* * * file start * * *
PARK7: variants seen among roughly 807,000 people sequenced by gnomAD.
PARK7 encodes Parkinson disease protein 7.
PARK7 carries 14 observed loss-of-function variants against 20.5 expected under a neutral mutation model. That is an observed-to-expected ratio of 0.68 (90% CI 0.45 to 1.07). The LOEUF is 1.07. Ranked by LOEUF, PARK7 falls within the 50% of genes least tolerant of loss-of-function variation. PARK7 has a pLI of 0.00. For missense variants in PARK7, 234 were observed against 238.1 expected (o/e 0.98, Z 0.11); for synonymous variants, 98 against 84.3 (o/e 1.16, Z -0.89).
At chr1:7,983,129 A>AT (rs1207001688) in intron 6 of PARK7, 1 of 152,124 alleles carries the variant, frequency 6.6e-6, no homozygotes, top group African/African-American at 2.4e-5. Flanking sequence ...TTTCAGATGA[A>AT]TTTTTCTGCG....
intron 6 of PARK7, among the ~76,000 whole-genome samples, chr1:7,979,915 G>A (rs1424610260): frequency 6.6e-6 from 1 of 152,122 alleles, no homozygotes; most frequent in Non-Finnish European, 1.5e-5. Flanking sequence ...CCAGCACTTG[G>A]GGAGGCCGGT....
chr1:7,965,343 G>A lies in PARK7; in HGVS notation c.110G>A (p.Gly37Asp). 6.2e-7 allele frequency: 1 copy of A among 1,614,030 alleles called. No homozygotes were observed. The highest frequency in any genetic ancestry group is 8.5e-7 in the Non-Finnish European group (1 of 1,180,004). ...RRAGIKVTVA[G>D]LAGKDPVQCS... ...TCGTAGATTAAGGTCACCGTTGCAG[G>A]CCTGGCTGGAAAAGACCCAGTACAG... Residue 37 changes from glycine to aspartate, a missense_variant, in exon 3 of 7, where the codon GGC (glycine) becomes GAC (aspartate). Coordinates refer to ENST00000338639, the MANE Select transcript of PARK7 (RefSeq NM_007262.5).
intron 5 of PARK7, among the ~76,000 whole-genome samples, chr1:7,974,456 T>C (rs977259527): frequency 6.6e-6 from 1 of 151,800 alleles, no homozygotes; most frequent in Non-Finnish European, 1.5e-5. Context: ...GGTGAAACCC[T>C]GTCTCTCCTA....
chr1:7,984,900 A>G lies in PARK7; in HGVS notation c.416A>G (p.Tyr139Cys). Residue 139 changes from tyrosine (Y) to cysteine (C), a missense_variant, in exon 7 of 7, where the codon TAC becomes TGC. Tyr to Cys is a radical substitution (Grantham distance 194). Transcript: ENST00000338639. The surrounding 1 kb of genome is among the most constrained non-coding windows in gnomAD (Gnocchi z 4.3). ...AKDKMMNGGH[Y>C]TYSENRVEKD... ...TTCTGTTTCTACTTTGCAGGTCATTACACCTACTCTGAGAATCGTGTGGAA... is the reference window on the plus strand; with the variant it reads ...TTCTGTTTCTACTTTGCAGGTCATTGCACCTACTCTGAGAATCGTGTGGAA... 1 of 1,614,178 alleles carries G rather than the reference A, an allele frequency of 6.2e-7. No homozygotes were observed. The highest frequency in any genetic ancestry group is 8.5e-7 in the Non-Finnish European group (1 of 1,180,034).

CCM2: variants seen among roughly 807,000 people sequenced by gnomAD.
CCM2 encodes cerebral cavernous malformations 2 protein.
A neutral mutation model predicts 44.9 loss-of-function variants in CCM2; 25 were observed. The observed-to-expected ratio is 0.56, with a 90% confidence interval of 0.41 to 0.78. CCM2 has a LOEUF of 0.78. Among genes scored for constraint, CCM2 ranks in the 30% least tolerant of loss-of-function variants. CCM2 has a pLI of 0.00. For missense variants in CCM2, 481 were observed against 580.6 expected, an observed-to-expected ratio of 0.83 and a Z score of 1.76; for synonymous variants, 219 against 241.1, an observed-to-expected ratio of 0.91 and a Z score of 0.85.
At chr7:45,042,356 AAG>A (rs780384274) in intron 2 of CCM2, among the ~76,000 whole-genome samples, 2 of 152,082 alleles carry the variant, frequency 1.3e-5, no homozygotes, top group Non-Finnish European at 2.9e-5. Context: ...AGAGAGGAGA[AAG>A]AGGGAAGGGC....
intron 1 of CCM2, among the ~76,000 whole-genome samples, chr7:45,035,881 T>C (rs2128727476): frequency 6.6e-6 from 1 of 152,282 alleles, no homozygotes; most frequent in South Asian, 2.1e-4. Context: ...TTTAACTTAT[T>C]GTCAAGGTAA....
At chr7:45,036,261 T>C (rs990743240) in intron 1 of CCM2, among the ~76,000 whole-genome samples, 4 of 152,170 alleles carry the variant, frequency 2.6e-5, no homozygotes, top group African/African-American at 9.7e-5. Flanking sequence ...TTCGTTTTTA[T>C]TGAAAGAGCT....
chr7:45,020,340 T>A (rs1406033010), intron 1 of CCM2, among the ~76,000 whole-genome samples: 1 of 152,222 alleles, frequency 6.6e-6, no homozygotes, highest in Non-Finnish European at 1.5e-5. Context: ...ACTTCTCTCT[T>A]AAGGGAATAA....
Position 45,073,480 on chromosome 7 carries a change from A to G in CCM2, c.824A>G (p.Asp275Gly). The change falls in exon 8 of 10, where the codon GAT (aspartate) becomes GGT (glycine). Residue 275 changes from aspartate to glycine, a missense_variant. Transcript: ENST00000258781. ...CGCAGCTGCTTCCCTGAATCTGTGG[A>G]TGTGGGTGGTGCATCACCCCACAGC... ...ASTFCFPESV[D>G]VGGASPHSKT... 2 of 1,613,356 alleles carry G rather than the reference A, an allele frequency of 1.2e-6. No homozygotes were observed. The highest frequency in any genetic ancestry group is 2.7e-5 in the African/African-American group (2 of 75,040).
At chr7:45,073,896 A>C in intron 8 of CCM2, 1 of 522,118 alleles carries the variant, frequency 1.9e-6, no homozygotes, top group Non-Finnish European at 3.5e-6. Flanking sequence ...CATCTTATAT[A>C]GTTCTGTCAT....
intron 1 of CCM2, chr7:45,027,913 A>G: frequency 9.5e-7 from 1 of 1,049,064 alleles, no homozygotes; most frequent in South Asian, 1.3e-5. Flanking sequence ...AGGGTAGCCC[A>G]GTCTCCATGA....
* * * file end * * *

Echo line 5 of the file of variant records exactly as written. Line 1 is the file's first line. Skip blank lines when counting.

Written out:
intron 6 of PARK7, among the ~76,000 whole-genome samples, chr1:7,979,915 G>A (rs1424610260): frequency 6.6e-6 from 1 of 152,122 alleles, no homozygotes; most frequent in Non-Finnish European, 1.5e-5. Flanking sequence ...CCAGCACTTG[G>A]GGAGGCCGGT....